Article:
In another challenging situation, Dina demonstrated great compassion in a complex and difficult patient death. Though this case was distressing for all involved, Dina remained calm and supportive, keeping her focus on the patient’s needs. She took it a step further by presenting the lessons of this case to the rest of our clinical group so we could all learn from it.—Nominated by Erin Morgan
Cooley Dickinson Health Care
Tammie Deso, Cooley Dickinson Hospital, Cooley Dickinson Health Care
Tammie was my favorite nurse during our September stay at Cooley Dickinson’s childbirth center. I can’t find words to say just how much everything she did for me and my family means to me. Whenever we had a question or needed anything she was there quickly, happy to help. She was extremely communicative and, as a very new mom, I trusted her with my baby.—Nominated by Heather Goodhind
Amanda Dixon, Cooley Dickinson Hospital, Cooley Dickinson Health Care
I am a critical care physician who has been working with Amanda in the intensive care unit at CDH for eight years. She has been an incredible nurse to work with and I feel so lucky to have her as a colleague. She has always been calm and cool under pressure and a fierce advocate for her patients. Lately she’s been working as a charge nurse and has been able to impact many more patients at a time. In 2017 she addressed the increased Foley catheter-associated urinary tract infections almost single-handedly by constantly asking the providers if we can take the catheters out. The rate of catheter-associated infections plummeted in her unit. She is also on the front lines of treating sepsis, and involved in the critical care committee. She is remarkably kind when caring for patients in their final hours, communicating frequently with such compassion with families and loved ones. When I think of a nurse I would want to care for my family member, Amanda always comes to mind. She is an exceptional example of how smart, up-to-date, and caring nurses are crucial to treating our sickest patients.—Nominated by Tonbira Zaman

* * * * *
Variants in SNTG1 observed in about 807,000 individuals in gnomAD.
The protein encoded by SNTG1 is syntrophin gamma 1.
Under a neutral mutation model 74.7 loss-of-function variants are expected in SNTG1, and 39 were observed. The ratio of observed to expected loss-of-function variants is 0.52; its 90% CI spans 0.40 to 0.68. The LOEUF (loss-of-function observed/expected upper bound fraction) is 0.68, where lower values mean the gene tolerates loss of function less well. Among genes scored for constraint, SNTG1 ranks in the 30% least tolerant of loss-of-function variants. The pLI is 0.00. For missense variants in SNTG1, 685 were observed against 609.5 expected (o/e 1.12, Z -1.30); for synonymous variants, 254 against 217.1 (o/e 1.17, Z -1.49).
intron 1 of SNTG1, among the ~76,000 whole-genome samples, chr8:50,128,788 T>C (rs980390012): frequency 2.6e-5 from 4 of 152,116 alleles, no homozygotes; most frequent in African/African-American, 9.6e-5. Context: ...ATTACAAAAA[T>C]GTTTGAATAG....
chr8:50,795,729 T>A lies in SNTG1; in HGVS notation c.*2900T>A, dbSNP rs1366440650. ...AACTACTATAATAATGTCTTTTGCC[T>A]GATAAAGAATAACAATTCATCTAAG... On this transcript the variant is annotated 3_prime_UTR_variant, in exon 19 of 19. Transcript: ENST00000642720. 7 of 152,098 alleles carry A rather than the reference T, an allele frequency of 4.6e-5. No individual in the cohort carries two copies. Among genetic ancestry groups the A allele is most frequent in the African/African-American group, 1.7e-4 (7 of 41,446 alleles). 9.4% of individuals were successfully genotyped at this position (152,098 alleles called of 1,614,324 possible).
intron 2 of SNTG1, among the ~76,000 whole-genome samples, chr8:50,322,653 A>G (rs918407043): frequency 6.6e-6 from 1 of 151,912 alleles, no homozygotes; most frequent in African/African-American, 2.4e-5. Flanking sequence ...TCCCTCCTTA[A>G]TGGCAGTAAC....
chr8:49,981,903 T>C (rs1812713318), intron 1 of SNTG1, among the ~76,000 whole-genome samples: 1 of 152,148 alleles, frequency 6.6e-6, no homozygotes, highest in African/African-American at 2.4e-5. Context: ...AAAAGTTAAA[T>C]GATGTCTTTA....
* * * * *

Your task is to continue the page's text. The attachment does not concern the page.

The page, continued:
Marie Doherty, Cooley Dickinson VNA & Hospice, Cooley Dickinson Health Care
I have the pleasure of working with Marie on our palliative care team. The patients that we admit are most likely within the last year or two of life. Palliative care’s goal is to provide comfort while they stay safely in their home. The cases we see are usually some of the toughest—not only from a medical standpoint, but also psychosocially. Our job is rewarding, but also emotionally draining. We meet many wonderful people in our community, but typically when they and their families are feeling high levels of stress, fear, and uncertainty about their own health or that of a loved one. We also need to have tough conversations about a transition to the next step of hospice and end-of-life care.
Marie has been on our team for several years. She attacks every case with unwavering compassion. Her clinical knowledge is unmatched. Her keen eye and excellent judgment have prevented many hospitalizations. Her patients trust her, and she has been able to build relationships even in the toughest cases. Marie is not afraid to advocate for those who cannot do so for themselves, and she goes beyond the call of duty to make sure that their needs are met. If I or a loved one was in need of palliative nursing care, I have no doubt that Marie is the one I would want to see walk through the door.—Nominated by Nina Stoddard
Jeanne Johndrow, Cooley Dickinson Hospital, Cooley Dickinson Health Care